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54 THE STATE GEOLOGICAL SURVEYS AND The income of the Michigan Geological Survey Division for the past four years has- been as follows: Direct appropriations Special income from by the legislature other State genies 192.9-30 ........ $62,300'+$10,800 1930-31 , 61,8~5 +38,500 + 1931-32 ........ 55,167 +2~;,600 1932-33 ........ 55,222 +23,000 Topographic Survey, from State Administrative Board Airplane Survey, from Conserva- tion and State Highway De- partments and from the Uni- versity Airplane Survey, from gas tax and special allotments from Department of Conservation Airplane Survey, from gas tax There are no other regular sources of income; a small amount of sup- port comes from oil and gas royalties from State lands. The appropri- ations are made biennially, with definite allotments for each year. It is difficult to estimate accurately the amounts expended for a,dmin- istration, inspection, etc., as there is no hard and fast line of demarea- tion between strictly geologic work and that done in connection with in- spection and mine appraisal work. An approximate statement of the division of expenditures, however, follows: 1. Administration 171 per cent 2. Topographic work None No topographic work is being done at present. Of the total funds, 30 per cent has been spent, in recent years, for airplane photographing and base mapping. About 25 per cent of the State is topographically mapped, but only about 20 per cent is covered with reasonably satisfactory maps. 3. Geological surveys ~ ~1 _r 1~_ c ~1 1 ............... 27 per cent ^11 OI one blare is covered oy geological surveys of varying degrees of completeness, from pure reconnaissance to very de tailed work. 4. Other items 55 per cent Fifty-five per cent of funds are for supervision of oil and gas development, oil and gas pipe lines, appraisal of mines (includes much geological work), water investigations, etc. PUBLICATIONS Under somewhat various titles, 58 publications have been issued by the Michigan Geological Survey. First was a group of Geological Reports prepared by Douglas Houghton from 1837 to 1845. The first and only Biennial Report of Progress appeared in 1860. There followed a series of nine volumes, covering the period from 1869 to 1904. There is one volume of Reports of the State Board of Geological Survey for several

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THE UNITED STATES GEOLOGICAL SURVEY bo years between 1881 to 1892. Eight Annual Reports appeared from 1901 to 1908, and one Biological Survey in 1908. Since that time all reports have been issued as Publications. There have been thirty-seven of these, appearing in thirty-one Geological Series and six Biological Series. These publications have dealt primarily with geologic subjects, co~rer- ing stratigraphy, paleontology, mineral resources, etc., but have included also some biological and agricultural sub ects. PRINCIPAL ACCOMPLISTIME,NTS SINCE 1911 The varied geology of the State has necessitated a wide field of in- vestigation in the direction of both fundamental and economic geology. Detailed magnetic and geologic surveys of the iron-bearing and as- sociated rocks have been carried on in most of the years since 1911, and the results of these surveys have been incorporated in various publica- tions. In 1929, investigations were started in the western part of the Marquette iron-bearing district and continued to date on both the iron ore possibilities of the " hard ore " belt, and also of the Ropes gold min- ing area. Progress reports are in preparation. In 1914, as the result of several years, study of the copper-bearing rocks of Michigan, a special report on the Copper Deposits of Michigan was published. In 1925, detailed magnetic geologic surveys were begun in the copper-bearing and associated rocks, i. e., the Keweenawan series:. These surveys have been continued to the present. Several progress reports have been issued. The object is to trace out the detailed structures of the series of beds and thus enable the search for copper-beari~g lodes to be more efficiently made. Special studies have been conducted on limestone, ceramic materials, oil and gas, cement materials, Gypsum, rock-salt and brines. coal. and foundry sands, and monographs reports and maps issued for each. In many instances these reports represent as many as three or four years of field investigation and laboratory study. Detailed studies have also been conducted on marl and peat. During 1927 and 1928, an investiga- tion was made of the sand deposits of the State, to determine their fitness for foundry purposes. The report was prepared but lack of funds has delayed publication. A monographic report on the Surface Geology of Michigan, combining both the northern and the southern peninsulas, has been issued, as has also a report on the Inland Lakes of Michigan. The Survey has carried on, in cooperation with the United States Bureau of Public Roads, an inventory of drainage conditions, drains built, types, costs, etc., and published a report on Drainage in Michigan. In 1911 a special report was published on the glacial and postglacial uplifts of the Michigan Basin and also on earthquakes. , rev , , ~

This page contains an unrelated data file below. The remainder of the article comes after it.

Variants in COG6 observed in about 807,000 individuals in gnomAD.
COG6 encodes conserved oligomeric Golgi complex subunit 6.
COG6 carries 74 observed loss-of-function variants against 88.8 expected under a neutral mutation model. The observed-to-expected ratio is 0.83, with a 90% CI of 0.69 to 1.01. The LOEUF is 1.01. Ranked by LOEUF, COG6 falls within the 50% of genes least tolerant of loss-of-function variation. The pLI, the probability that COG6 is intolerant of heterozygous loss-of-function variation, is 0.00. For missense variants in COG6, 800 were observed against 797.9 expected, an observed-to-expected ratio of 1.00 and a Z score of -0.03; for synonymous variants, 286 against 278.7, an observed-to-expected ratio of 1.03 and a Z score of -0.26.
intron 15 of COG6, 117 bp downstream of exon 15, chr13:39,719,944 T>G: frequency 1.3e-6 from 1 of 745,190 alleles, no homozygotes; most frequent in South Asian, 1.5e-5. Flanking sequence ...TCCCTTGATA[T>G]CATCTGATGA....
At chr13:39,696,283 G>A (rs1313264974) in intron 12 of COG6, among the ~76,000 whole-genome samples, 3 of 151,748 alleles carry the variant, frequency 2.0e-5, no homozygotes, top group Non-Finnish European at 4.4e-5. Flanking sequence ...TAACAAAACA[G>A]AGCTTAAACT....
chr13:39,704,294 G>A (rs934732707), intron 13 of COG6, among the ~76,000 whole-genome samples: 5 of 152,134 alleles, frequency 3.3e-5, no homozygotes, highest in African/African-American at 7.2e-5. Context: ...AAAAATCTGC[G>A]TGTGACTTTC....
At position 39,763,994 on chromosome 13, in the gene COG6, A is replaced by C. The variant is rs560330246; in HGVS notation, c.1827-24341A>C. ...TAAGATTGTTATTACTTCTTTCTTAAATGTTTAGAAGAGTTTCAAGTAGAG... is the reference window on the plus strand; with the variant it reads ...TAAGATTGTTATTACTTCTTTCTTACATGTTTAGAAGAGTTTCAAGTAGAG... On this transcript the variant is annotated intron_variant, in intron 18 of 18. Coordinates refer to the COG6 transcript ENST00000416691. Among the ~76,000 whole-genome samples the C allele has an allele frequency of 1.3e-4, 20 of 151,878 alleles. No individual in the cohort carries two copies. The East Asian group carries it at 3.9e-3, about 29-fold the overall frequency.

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56 THE STATE GEOLOGICAL SURVEYS AND Since 1916, stratigraphic, faunal, and correlation studies have been conducted on the Niagaran limestones, particularly in the Upper Pe- ninsula. Much of the work is in manuscript form. Similar studies have been completed for the Ordovician formations in the Upper Peninsula. Portions of the results have been published by the University of Michi- gan. Studies of the corals and of certain other life forms have been com- pleted, or are nearing completion. Biological studies were carried on by the Survey from about 1905 to 1921, when this line of investigations ceased through lack of legislative . . appropriations. PRESENT MAIN LINES OF WORX During the present biennium field work is being greatly curtailed. A survey of the underground water conditions in the State is to be initiated in 1932, in cooperation with the United States Geological Survey. Eco- nomic and surface geology studies and mapping are to be conducted in Mackinac County during the present field season. The magnetic and geologic survey on the copper-bearing rocks is to be continued during the present field season, but on a limited scale. Airplane photographing and base mapping are to be conducted in four counties during the coming season. It is expected that about 4,000 square miles will be flown, as- suming average weather conditions. Studies on dune formation, move- ment, and control are to be conducted in the western part of the State. The annual appraisals of iron and copper mines will be completed by May 1, 1932. Work will be continued on many of the projects listed. During the past five years the Geological Survey Division has been greatly handi- capped by lack of funds for printing. Special effort is now being made, and will continue through the coming biennium, to get the accumulation of the geological reports into printed form for the use of the mineral industries and the scientific organizations. A new volume on the mineral resources of Michigan is now in prepa- ration. A comprehensive report, by Dr. G. G. Brown of the University of Michigan, on the foundry sands of Michigan is nearly completed and will be ready for printing within the. next few months. It represents the results of about four years of field investigation and laboratory research and should be of much interest and value to foundry men. A report on the coals of Michigan is in manuscript form and will require only a small amount of revision, on account of some recent developments, to bring it up to date and ready for printing. This will be printed with the next volume of mineral resources.